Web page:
God said to Moses, “I am who I am.” He said further, “Thus you shall say to the Israelites, ‘I am has sent me to you.’” -Exodus 3:14
Dear members and friends,
After having two children, I have discovered one truth repeatedly: there is a deep difference between becoming a father and being present as a father in the life of a child. In short, any healthy male could become a father to a child, but in order to be present as a father to that child, he not only needs to be constantly and intentionally present in the child’s life, but he should also work hard to make his presence real and meaningful to the child. However, being a real and meaningful presence to other people, even if they are your own child(ren), requires a mutual relationship and collaboration between the giver and the receiver. Essentially, this is what God teaches us through many stories in the Bible: how God is constantly present, and how we can make his presence real in our lives.
Another big benefit of being a parent is that I have been relearning things through amazing and honest questions from my children. One day, my daughter came to me and asked, “Daddy! Is God real?” She had just watched something on TV where it was argued that God is not real. This was frightening to her because I had been assuring her of the comforting power of God every night, especially during sleep. The challenge to me in answering such a simple and innocent question arose from the acknowledgement that my daughter might have a limited understanding about the concept of “God” and the concept “real.” As I pondered how to answer her, I suddenly realized that the answer my daughter was expecting was not the logical assurance of the realness of God, but my own affirmation about the matter at hand. Thus, I answered to her, “Yes, honey. As far as I am concerned, God is real!” That was good enough for her. Feeling assured, she joyfully went back to her previous activity.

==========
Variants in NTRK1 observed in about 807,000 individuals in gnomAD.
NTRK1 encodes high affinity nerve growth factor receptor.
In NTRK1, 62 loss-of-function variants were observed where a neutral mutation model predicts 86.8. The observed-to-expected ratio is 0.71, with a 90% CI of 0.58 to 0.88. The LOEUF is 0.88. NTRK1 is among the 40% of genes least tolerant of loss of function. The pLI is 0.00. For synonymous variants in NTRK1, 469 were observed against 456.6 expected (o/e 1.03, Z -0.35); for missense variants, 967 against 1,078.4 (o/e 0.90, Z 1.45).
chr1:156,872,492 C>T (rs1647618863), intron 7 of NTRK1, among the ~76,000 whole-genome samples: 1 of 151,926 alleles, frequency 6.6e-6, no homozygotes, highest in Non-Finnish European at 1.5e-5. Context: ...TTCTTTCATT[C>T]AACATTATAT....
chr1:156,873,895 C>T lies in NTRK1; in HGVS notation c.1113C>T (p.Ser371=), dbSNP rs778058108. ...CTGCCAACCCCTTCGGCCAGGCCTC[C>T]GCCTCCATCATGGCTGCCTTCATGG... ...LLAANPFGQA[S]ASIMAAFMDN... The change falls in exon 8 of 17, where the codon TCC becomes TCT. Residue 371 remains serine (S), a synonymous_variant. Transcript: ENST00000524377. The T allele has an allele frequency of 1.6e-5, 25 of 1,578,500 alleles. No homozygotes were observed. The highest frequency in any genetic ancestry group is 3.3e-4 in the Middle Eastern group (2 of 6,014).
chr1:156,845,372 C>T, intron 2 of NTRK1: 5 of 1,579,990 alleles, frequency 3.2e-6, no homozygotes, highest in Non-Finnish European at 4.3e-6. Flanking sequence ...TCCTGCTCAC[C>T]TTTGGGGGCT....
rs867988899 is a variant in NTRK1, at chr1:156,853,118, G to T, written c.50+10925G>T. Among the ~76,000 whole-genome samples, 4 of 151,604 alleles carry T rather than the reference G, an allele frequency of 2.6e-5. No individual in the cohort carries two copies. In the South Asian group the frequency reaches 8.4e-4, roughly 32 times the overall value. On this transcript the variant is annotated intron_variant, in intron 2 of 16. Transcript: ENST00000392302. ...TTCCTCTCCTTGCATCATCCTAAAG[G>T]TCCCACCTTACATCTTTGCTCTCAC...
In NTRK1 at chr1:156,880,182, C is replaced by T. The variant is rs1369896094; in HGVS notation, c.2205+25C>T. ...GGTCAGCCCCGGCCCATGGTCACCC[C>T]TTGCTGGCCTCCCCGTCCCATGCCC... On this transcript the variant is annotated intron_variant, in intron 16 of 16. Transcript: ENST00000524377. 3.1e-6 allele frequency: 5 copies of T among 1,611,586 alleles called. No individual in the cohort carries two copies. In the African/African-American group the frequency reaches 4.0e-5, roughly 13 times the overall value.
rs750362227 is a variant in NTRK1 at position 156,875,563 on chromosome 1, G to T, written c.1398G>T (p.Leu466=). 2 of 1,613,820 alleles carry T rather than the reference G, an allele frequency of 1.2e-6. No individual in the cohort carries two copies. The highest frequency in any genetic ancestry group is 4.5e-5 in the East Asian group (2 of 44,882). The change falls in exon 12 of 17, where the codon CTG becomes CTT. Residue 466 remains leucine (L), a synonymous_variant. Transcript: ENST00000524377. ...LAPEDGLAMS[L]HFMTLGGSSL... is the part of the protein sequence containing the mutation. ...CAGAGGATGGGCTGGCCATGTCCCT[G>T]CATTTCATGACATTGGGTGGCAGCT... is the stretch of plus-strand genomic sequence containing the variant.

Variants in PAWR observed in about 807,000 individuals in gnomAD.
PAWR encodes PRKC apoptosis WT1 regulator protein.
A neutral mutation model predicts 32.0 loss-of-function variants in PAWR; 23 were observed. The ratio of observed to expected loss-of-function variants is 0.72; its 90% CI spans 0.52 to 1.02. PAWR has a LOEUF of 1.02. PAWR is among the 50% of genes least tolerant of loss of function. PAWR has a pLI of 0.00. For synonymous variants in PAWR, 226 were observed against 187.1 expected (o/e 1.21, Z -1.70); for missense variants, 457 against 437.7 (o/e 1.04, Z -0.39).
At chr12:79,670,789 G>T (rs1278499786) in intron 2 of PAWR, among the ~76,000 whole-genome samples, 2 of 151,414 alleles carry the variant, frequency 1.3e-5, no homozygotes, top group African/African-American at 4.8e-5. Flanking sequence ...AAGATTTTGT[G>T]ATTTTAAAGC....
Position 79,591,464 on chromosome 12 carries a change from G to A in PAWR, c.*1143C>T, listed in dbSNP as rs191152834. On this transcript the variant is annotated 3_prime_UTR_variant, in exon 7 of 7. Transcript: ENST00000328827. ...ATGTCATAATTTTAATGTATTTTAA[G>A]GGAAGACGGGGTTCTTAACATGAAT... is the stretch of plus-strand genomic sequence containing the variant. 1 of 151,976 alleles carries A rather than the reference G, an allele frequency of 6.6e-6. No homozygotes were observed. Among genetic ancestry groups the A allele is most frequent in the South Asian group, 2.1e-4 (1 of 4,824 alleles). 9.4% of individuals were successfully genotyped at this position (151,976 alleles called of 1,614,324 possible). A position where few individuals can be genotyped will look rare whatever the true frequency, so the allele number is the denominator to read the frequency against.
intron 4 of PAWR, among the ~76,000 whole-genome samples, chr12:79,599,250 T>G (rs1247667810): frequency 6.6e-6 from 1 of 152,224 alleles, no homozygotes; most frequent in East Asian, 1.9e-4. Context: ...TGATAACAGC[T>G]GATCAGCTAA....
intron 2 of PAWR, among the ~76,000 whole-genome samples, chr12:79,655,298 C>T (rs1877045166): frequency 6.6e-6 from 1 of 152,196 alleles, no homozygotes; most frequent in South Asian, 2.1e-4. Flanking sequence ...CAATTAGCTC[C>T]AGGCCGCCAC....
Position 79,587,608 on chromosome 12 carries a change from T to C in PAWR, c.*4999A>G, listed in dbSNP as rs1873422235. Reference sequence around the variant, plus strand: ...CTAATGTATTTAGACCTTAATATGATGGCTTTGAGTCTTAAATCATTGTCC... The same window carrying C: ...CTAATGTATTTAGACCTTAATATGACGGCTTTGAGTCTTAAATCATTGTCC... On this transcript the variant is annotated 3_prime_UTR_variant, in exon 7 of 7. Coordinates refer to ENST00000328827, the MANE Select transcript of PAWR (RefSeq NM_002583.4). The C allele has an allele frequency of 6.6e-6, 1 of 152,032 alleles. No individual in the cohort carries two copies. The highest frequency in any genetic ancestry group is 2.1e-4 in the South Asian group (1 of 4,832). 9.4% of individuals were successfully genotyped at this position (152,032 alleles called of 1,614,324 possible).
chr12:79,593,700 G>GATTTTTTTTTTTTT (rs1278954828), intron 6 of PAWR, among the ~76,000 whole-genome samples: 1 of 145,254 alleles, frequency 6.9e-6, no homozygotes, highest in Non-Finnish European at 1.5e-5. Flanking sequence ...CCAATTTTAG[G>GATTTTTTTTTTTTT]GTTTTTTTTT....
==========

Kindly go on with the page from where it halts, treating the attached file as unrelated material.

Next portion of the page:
However, the question of whether God is real or not is challenging to answer. Surprisingly, the core of the challenge is not whether God is truly and objectively real, but rather stems from the very nature of the human mind. To a degree, we are limited by the fact that we subjectively acknowledge and frame the world around us within our confined understanding of “reality”. In other words, the matter of faith has always been about how people experience and believe in the realness of God. Therefore, the essential challenge of informing other humans about the reality of God arises not from a lack of logic or communication skills, but from the innate inability of transferring one’s own experience to the minds of others. Perhaps this is why the German philosopher and theologian Friedrich Schleiermacher (1768-1834) emphasized in his book, On Religion: Speeches to its Cultured Despisers, that religion has to be experiential, meaning one must experience the presence of the Spirit in one’s own life and by one’s own mind. However, there is yet another challenging task for humans, which is the prerequisite to the experience of what is spiritual: they need to be able to distinguish the difference between subjectivity and objectivity. In other words, before humans can confirm their own experience of God as real, they first need to be able to distinguish what is real subjectivity in their own minds, and what is real objectively.
Next week, I will discuss my personal struggle with this question when I present the first talk in my special sermon series, “What Matters Most?” Please join me then.
Blessings, Rev. Junchol Lee